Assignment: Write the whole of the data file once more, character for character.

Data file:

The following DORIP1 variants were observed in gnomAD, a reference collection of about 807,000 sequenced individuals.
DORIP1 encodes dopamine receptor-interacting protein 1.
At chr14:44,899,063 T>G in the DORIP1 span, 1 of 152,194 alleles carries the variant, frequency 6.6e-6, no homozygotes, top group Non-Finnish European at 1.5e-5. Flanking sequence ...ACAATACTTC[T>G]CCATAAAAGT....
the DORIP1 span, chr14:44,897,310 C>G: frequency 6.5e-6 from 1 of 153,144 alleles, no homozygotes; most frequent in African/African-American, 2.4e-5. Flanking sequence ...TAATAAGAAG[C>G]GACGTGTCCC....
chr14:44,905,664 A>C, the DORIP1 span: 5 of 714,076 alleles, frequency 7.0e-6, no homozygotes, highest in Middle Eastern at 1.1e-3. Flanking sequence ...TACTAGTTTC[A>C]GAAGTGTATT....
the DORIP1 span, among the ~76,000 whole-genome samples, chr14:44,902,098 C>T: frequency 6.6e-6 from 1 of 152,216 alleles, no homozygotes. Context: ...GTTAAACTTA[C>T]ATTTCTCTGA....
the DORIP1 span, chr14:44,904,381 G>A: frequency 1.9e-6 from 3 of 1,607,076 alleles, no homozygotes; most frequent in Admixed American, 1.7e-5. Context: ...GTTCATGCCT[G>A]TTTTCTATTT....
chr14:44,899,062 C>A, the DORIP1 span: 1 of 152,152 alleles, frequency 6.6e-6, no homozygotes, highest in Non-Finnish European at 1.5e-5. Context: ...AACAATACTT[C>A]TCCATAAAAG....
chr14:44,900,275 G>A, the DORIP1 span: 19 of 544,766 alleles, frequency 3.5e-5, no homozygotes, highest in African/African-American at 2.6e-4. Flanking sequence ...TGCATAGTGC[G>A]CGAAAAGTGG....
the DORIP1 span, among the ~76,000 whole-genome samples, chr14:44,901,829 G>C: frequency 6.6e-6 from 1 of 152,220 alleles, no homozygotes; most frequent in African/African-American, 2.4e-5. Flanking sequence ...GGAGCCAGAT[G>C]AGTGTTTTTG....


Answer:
The following DORIP1 variants were observed in gnomAD, a reference collection of about 807,000 sequenced individuals.
DORIP1 encodes dopamine receptor-interacting protein 1.
At chr14:44,899,063 T>G in the DORIP1 span, 1 of 152,194 alleles carries the variant, frequency 6.6e-6, no homozygotes, top group Non-Finnish European at 1.5e-5. Flanking sequence ...ACAATACTTC[T>G]CCATAAAAGT....
the DORIP1 span, chr14:44,897,310 C>G: frequency 6.5e-6 from 1 of 153,144 alleles, no homozygotes; most frequent in African/African-American, 2.4e-5. Flanking sequence ...TAATAAGAAG[C>G]GACGTGTCCC....
chr14:44,905,664 A>C, the DORIP1 span: 5 of 714,076 alleles, frequency 7.0e-6, no homozygotes, highest in Middle Eastern at 1.1e-3. Flanking sequence ...TACTAGTTTC[A>C]GAAGTGTATT....
the DORIP1 span, among the ~76,000 whole-genome samples, chr14:44,902,098 C>T: frequency 6.6e-6 from 1 of 152,216 alleles, no homozygotes. Context: ...GTTAAACTTA[C>T]ATTTCTCTGA....
the DORIP1 span, chr14:44,904,381 G>A: frequency 1.9e-6 from 3 of 1,607,076 alleles, no homozygotes; most frequent in Admixed American, 1.7e-5. Context: ...GTTCATGCCT[G>A]TTTTCTATTT....
chr14:44,899,062 C>A, the DORIP1 span: 1 of 152,152 alleles, frequency 6.6e-6, no homozygotes, highest in Non-Finnish European at 1.5e-5. Context: ...AACAATACTT[C>A]TCCATAAAAG....
chr14:44,900,275 G>A, the DORIP1 span: 19 of 544,766 alleles, frequency 3.5e-5, no homozygotes, highest in African/African-American at 2.6e-4. Flanking sequence ...TGCATAGTGC[G>A]CGAAAAGTGG....
the DORIP1 span, among the ~76,000 whole-genome samples, chr14:44,901,829 G>C: frequency 6.6e-6 from 1 of 152,220 alleles, no homozygotes; most frequent in African/African-American, 2.4e-5. Flanking sequence ...GGAGCCAGAT[G>C]AGTGTTTTTG....